Phenocopies and Conditional Mutants


Phenocopies are mimics of some other phenotype induced by environmental influence. It means that individuals with different genotypes may have the same phenotype due to the effect of the environment. It can be induced by temperature shocks, radiation, poison, vitamin deficiencies, and a wide range of chemical agents and drugs. Changes resulting in phenocopies are not induced.

Example: Phenocopies are observed in insects, birds, and mammals. Goldschmidt (1935) induced phenocopies in Drosophila by raising them at a higher room temperature of 35°C.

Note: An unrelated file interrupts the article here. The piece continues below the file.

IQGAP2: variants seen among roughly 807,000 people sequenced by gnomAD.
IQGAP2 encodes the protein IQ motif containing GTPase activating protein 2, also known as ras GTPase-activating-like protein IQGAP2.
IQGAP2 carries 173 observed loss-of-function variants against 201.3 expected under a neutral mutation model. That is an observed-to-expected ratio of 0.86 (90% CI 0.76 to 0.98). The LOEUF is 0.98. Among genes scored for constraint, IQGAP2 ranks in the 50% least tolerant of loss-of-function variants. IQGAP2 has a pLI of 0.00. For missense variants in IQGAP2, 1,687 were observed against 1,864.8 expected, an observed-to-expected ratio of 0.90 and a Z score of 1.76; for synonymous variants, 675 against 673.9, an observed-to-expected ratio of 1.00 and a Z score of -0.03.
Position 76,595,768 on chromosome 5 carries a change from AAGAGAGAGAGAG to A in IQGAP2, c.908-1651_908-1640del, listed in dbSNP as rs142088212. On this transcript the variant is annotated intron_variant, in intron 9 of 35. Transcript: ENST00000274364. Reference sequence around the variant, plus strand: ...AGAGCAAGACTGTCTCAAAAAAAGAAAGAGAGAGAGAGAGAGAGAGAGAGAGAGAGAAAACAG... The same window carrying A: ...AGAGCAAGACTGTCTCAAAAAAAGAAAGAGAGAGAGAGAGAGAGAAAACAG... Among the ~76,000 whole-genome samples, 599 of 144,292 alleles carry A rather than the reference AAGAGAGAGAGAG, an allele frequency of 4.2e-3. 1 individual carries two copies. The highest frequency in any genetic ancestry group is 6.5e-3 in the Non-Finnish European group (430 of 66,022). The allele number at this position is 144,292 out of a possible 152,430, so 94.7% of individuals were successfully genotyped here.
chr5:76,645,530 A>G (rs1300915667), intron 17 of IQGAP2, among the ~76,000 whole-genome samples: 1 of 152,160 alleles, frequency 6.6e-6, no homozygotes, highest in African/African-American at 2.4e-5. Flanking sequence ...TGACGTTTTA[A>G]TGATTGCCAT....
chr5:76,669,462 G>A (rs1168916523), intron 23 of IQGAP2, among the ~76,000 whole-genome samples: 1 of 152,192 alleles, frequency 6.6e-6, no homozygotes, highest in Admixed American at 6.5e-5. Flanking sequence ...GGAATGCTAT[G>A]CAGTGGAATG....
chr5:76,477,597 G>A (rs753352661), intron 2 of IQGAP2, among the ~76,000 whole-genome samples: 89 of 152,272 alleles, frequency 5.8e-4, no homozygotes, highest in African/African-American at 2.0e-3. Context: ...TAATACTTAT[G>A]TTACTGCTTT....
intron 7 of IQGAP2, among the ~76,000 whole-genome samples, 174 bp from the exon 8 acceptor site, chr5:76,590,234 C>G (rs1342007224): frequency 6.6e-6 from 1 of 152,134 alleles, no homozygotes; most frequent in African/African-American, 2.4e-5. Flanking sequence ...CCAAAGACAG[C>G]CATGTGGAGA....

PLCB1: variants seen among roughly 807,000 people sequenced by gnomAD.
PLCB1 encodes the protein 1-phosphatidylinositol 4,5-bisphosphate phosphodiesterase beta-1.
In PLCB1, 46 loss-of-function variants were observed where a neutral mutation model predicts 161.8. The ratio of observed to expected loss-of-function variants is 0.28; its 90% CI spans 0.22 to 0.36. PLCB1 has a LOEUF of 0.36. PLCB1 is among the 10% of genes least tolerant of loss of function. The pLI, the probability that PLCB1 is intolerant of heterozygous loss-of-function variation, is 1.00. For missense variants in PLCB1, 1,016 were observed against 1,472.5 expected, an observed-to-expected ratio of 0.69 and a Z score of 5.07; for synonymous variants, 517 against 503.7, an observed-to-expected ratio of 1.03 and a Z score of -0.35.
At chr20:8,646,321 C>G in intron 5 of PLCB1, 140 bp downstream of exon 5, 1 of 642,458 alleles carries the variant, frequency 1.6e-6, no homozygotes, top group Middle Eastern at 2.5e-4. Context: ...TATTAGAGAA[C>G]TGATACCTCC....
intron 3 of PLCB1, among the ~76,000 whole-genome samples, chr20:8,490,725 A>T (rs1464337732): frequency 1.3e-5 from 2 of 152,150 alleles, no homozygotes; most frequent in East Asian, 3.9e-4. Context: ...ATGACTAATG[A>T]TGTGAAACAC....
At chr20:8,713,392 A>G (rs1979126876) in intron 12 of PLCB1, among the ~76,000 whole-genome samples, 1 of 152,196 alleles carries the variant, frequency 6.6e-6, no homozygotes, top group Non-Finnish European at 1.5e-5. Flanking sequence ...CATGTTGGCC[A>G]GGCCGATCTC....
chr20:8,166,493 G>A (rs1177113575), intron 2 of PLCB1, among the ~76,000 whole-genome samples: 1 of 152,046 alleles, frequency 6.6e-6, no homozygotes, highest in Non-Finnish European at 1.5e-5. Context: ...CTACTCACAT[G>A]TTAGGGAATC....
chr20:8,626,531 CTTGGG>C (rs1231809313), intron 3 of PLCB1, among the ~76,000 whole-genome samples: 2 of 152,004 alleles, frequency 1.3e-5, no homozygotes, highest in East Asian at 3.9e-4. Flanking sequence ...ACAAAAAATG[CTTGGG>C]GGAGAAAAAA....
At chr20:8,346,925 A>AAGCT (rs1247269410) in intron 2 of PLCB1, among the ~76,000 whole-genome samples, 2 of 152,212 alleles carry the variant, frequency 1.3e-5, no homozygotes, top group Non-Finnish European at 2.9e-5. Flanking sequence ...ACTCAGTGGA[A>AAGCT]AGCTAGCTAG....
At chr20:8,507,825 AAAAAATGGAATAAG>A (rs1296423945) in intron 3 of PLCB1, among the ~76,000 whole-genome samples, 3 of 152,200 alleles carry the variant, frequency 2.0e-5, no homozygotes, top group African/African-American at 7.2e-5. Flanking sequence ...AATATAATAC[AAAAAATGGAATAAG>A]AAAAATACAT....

Conditional Mutants:

Conditional mutations are those gene mutations that produce one phenotype under one set of conditions and another phenotype under changed conditions.

Example: Temperature-sensitive mutants (ts) express their wild-type phenotype at a permissible temperature but exhibit lethal phenotype at a restricted temperature.